summarise_dt(by = .(year,month),flights = sum(flights))
# (per_year <- summarise(per_month, flights = sum(flights)))
%>%
flights summarise_dt(by = .(year,month,day),flights = .N) %>%
summarise_dt(by = .(year,month),flights = sum(flights)) %>%
summarise_dt(by = .(year),flights = sum(flights))
```

*tidyfst* provides a tidy syntax for *data.table*. For such design, *tidyfst* never runs faster than the analogous *data.table* codes. Nevertheless, it facilitate the dplyr-users to gain the computation performance in no time and guide them to learn more about data.table for speed. Below, we’ll compare the syntax of `tidyfst`

and `data.table`

(referring to Introduction to data.table). This could let you know how they are different, and let users to choose their preference. Ideally, *tidyfst* will lead even more users to learn more about *data.table* and its wonderful features, so as to design more extentions for *tidyfst* in the future.

Because we want a more stable data source, here we’ll use the flight data from the above `nycflights13`

package.

```
library(tidyfst)
library(data.table)
library(nycflights13)
= data.table(flights) %>% na.omit() flights
```

```
# data.table
head(flights[origin == "JFK" & month == 6L])
1:2]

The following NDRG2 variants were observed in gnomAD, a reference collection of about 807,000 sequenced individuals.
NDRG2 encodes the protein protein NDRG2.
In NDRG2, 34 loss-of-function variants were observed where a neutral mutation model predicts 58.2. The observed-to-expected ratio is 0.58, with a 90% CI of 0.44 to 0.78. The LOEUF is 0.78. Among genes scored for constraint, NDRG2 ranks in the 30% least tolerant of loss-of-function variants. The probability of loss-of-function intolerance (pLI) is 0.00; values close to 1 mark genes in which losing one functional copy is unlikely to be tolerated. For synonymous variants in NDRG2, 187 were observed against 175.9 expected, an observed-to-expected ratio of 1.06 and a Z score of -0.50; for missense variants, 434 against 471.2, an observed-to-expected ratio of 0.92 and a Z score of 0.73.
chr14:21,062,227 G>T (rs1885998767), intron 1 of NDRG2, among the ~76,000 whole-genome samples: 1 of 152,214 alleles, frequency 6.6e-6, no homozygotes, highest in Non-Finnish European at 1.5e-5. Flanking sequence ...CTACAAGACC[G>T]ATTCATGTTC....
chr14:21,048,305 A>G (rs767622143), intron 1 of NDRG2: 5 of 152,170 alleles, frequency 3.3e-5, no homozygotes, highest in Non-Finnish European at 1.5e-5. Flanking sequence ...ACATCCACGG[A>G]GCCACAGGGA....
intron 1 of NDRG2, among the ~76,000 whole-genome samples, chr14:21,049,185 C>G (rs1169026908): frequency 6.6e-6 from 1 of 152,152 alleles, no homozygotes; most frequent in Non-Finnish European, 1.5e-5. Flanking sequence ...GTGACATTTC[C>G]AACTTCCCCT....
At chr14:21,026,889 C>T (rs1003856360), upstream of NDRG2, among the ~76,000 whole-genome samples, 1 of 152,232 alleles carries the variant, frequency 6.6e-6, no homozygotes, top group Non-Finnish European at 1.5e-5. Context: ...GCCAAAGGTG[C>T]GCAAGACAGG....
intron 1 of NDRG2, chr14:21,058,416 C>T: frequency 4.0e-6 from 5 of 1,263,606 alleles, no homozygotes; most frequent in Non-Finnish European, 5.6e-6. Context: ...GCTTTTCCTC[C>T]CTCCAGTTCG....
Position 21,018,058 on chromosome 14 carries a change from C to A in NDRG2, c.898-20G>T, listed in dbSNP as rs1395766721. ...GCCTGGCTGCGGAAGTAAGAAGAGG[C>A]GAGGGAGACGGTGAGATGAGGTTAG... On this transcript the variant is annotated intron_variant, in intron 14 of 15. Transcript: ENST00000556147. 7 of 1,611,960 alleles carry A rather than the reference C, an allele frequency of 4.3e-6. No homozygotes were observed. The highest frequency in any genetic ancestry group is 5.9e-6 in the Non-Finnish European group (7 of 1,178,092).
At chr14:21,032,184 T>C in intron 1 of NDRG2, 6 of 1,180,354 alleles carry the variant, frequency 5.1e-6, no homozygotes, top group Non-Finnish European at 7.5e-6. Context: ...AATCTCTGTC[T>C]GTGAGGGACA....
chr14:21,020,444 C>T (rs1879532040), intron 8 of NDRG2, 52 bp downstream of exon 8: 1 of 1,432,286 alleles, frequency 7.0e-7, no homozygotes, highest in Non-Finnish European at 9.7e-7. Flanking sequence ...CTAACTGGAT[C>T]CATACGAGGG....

flights[order(origin, -dest)]
flights[
# tidyfst
%>%
flights filter_dt(origin == "JFK" & month == 6L) %>%
head()
%>% slice_dt(1:2)
flights %>% arrange_dt(origin,-dest) flights
```

```
# data.table
list(arr_delay)]
flights[,
flights[, .(arr_delay, dep_delay)]delay_arr = arr_delay, delay_dep = dep_delay)]
flights[, .(
# tidyfst
%>% select_dt(arr_delay)
flights %>% select_dt(arr_delay, dep_delay)
flights %>% transmute_dt(delay_arr = arr_delay, delay_dep = dep_delay) flights
```

```
# data.table
sum( (arr_delay + dep_delay) < 0)]
flights[, == "JFK" & month == 6L,
flights[origin m_arr = mean(arr_delay), m_dep = mean(dep_delay))]
.(== "JFK" & month == 6L, length(dest)]
flights[origin == "JFK" & month == 6L, .N]
flights[origin
# tidyfst
%>% summarise_dt(sum( (arr_delay + dep_delay) < 0))
flights %>%
flights filter_dt(origin == "JFK" & month == 6L) %>%
summarise_dt(m_arr = mean(arr_delay), m_dep = mean(dep_delay))
%>%
flights filter_dt(origin == "JFK" & month == 6L) %>%
nrow()
%>%
flights filter_dt(origin == "JFK" & month == 6L) %>%
count_dt()
%>%
flights filter_dt(origin == "JFK" & month == 6L) %>%
summarise_dt(.N)
```

In the above examples, we could learn that in *tidyfst*, you could still use the methods in data.table, such as `.N`

.

```
# data.table
c("arr_delay", "dep_delay")]
flights[,
= c("arr_delay", "dep_delay")
select_cols
flights[ , ..select_cols]= FALSE]
flights[ , select_cols, with
!c("arr_delay", "dep_delay")]
flights[, -c("arr_delay", "dep_delay")]
flights[,
# returns year,month and day
:day]
flights[, year# returns day, month and year
:year]
flights[, day# returns all columns except year, month and day
-(year:day)]
flights[, !(year:day)]
flights[,
# tidyfst
%>% select_dt(c("arr_delay", "dep_delay"))